I recently chaired the Human Capital Forum in Dubai. It was a great event with some fantastic speakers and interesting topics, but I found myself wondering about the choice of title for the event.
When I was preparing for the event, II happened to be in touch with an old friend. Let’s call him Harry. Harry is a great leader. He has literally lead men into battle and out of danger and that builds an understanding of what it takes to get people to follow you. After that he moved into industry and used these skills in another environment entirely and to great success – he is currently regional CEO of a blue-chip insurance company. His people love and respect him and so do I.
I excitedly told him that I was going to be chairing the Human Capital Forum and expected him to be pleased for me. To be honest, I can't share all of the response as it was so nuanced and surprising.
But what I can share is this quote:
“Human Capital. A mass of organic machines, organised to toil for nothing more than a capitalist ideal. The machines in the film The Matrix, who converted humanity into components of energy generation probably used that expression. It is a soulless, pessimistic and depressing notion against which 1984’s Winston Smith tried to revolt. What is so wrong with the word ‘people'?"
I guess he really doesn’t like it! He thinks it makes people seems like other kinds of capital – a bank account, stocks and shares, land or machines – assets that yield income and other useful outputs over long periods of time.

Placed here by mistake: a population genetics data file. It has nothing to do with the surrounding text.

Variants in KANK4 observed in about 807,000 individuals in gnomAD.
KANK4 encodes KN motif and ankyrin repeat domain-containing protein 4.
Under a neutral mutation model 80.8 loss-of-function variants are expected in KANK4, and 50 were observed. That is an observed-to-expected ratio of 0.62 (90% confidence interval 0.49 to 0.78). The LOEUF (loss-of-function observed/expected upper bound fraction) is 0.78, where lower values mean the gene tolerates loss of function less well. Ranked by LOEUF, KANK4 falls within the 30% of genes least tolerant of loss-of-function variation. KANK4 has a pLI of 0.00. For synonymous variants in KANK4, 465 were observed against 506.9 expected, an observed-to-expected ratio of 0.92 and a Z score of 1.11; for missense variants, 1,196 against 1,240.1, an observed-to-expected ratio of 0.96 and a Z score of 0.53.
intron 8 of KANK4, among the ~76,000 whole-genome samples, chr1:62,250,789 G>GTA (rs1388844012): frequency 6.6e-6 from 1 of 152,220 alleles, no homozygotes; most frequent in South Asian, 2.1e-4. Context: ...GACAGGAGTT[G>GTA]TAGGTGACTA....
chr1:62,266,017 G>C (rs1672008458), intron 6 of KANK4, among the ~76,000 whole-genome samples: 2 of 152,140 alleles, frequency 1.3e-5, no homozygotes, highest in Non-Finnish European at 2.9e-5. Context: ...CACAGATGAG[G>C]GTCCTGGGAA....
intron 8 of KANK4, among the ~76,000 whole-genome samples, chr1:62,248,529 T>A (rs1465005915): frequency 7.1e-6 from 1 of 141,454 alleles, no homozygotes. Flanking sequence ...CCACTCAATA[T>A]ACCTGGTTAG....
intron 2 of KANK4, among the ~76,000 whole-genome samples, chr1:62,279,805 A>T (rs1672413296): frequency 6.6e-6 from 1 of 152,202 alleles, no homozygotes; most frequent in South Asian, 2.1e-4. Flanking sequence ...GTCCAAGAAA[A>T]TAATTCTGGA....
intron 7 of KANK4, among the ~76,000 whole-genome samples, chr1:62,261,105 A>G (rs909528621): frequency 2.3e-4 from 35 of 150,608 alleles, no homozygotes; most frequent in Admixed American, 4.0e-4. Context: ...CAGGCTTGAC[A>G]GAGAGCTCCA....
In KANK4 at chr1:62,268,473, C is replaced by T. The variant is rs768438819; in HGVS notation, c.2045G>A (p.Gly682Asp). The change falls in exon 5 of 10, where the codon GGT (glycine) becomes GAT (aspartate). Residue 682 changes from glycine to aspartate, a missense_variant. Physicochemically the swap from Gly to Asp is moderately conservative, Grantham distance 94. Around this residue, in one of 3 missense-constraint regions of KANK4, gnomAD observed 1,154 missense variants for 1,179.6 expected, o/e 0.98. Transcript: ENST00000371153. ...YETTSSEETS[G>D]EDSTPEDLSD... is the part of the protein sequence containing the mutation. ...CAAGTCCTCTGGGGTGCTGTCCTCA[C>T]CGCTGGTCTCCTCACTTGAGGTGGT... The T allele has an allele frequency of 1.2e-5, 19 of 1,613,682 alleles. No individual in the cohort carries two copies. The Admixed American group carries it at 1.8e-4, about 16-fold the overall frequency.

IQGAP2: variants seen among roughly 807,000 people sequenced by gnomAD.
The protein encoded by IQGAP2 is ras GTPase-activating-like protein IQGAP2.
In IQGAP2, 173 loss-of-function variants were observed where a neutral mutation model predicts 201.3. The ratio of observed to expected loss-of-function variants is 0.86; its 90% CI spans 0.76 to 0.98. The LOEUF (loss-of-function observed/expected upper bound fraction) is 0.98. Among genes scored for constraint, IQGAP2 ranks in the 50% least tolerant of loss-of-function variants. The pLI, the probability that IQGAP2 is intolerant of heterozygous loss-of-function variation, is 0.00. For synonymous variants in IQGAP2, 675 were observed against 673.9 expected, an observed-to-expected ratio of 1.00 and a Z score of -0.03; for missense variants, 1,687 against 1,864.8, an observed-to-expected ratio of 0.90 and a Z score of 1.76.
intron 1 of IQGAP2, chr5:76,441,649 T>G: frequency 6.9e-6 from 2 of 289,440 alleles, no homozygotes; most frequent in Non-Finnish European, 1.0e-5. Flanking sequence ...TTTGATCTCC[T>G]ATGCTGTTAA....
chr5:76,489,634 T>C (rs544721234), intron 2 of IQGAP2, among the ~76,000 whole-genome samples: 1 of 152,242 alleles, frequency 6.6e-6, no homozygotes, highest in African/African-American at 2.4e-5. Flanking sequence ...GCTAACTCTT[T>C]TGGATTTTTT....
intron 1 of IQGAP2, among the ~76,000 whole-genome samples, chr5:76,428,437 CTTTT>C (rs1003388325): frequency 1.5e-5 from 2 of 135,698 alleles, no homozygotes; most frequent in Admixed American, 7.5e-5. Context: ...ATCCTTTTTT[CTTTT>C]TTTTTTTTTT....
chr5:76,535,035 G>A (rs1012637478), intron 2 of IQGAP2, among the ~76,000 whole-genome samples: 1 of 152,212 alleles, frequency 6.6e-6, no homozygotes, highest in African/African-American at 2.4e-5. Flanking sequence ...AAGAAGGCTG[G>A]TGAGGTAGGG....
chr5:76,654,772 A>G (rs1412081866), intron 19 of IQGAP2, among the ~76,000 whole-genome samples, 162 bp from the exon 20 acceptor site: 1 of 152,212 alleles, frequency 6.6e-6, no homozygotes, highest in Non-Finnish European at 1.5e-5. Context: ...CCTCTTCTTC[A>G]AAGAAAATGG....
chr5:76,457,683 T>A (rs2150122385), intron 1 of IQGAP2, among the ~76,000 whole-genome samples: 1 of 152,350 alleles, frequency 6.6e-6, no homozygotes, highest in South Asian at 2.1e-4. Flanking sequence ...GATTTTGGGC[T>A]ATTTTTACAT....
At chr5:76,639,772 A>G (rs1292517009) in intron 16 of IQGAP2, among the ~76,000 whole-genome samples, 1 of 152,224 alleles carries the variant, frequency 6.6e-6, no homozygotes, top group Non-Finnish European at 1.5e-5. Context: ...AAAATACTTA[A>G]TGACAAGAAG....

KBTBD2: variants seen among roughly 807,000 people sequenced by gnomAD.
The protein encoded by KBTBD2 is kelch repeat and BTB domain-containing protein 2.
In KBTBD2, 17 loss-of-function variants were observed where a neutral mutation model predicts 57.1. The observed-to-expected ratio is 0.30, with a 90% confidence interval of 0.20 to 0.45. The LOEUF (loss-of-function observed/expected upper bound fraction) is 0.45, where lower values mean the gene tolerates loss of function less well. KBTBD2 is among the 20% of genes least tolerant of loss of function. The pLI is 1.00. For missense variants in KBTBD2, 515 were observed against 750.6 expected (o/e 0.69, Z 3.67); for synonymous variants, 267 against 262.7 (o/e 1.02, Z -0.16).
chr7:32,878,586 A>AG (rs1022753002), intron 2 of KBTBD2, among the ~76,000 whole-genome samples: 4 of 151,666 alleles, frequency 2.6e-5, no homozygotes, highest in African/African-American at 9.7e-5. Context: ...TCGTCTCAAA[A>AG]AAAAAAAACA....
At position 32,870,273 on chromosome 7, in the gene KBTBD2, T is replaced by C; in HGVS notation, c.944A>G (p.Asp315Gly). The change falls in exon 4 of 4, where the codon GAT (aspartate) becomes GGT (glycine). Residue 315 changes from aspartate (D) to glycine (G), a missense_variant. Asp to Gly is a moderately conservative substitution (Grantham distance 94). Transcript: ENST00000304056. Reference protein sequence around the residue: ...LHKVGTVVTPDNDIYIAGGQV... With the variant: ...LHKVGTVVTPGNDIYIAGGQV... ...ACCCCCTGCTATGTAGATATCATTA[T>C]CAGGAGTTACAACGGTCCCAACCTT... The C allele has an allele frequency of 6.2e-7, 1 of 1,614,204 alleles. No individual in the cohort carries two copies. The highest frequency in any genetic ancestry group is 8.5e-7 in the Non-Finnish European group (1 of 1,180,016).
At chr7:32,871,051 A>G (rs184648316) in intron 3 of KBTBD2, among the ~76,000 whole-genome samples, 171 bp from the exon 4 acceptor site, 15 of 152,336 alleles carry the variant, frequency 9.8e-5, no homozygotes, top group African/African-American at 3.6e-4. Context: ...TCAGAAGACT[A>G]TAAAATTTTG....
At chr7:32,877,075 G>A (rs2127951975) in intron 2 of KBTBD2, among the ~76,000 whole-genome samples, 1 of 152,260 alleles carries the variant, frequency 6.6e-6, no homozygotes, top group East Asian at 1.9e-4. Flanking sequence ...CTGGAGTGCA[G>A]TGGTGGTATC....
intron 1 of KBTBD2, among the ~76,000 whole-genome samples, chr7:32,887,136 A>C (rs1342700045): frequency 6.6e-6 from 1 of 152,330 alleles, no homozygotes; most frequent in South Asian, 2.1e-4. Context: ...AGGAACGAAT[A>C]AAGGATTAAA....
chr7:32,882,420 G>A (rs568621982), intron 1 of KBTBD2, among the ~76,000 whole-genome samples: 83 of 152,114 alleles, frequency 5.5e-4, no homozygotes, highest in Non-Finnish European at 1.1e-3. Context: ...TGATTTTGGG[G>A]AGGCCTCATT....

Stop dehumanising your people
It’s similar with the term human ‘resources’, which many other people dislike The main reason for distaste in both cases seems to be because it seems dehumanising, which has consequences.
It leads to people like the very senior manager – on the senior leadership team and ostensibly “managing” a large team – who raised his hand during a session on how to do a performance review and asked: “Can’t we outsource this?”
I was surprised and said “what exactly is it you’d like to outsource?” I was truly shocked when he replied: “This people stuff – managing their performance and developing them”.
I didn’t want to disagree outright as he was very important but he had said this in front of a group and I didn’t feel like I could let it go. So I asked him two questions.
The first was: “Do you really want someone who doesn’t truly understand your business managing your people?” As someone responsible for results, he immediately realised that he didn’t.
To make sure he understood the point I was trying to mak,e the second thing I asked was “if you’re not managing the performance of your people then what are you for? What exactly are you managing?”
This underlines the point that all leaders should know – we get things done through people.
Only your people can bring you success
My friend doesn’t think people should be thought about like that – as though they’re only a ‘resource’ or a form of ‘capital’ and not different from other forms. One way they’re different is in how you get the most out of them, which is by treating them as people worthy of respect. If we start there everything gets easier.
It becomes easier to do all of the things we know as leaders we should do to make a difference. It helps productivity, holding people accountable, if we treat people like people who are worthy of our time and respect.
Leaders know that that to get results in the short and long-term you have to do it through your people. That’s the secret sauce in the great leaders I see. They know that holding others accountable is key because that’s the only way things get done. It doesn’t always mean being ‘nice’. It can be hard to tell people the truth and do it respectfully – but it does lead to great results.
So let’s stop thinking about capital and resources and instead focus on the only thing that makes a difference in every business – the people.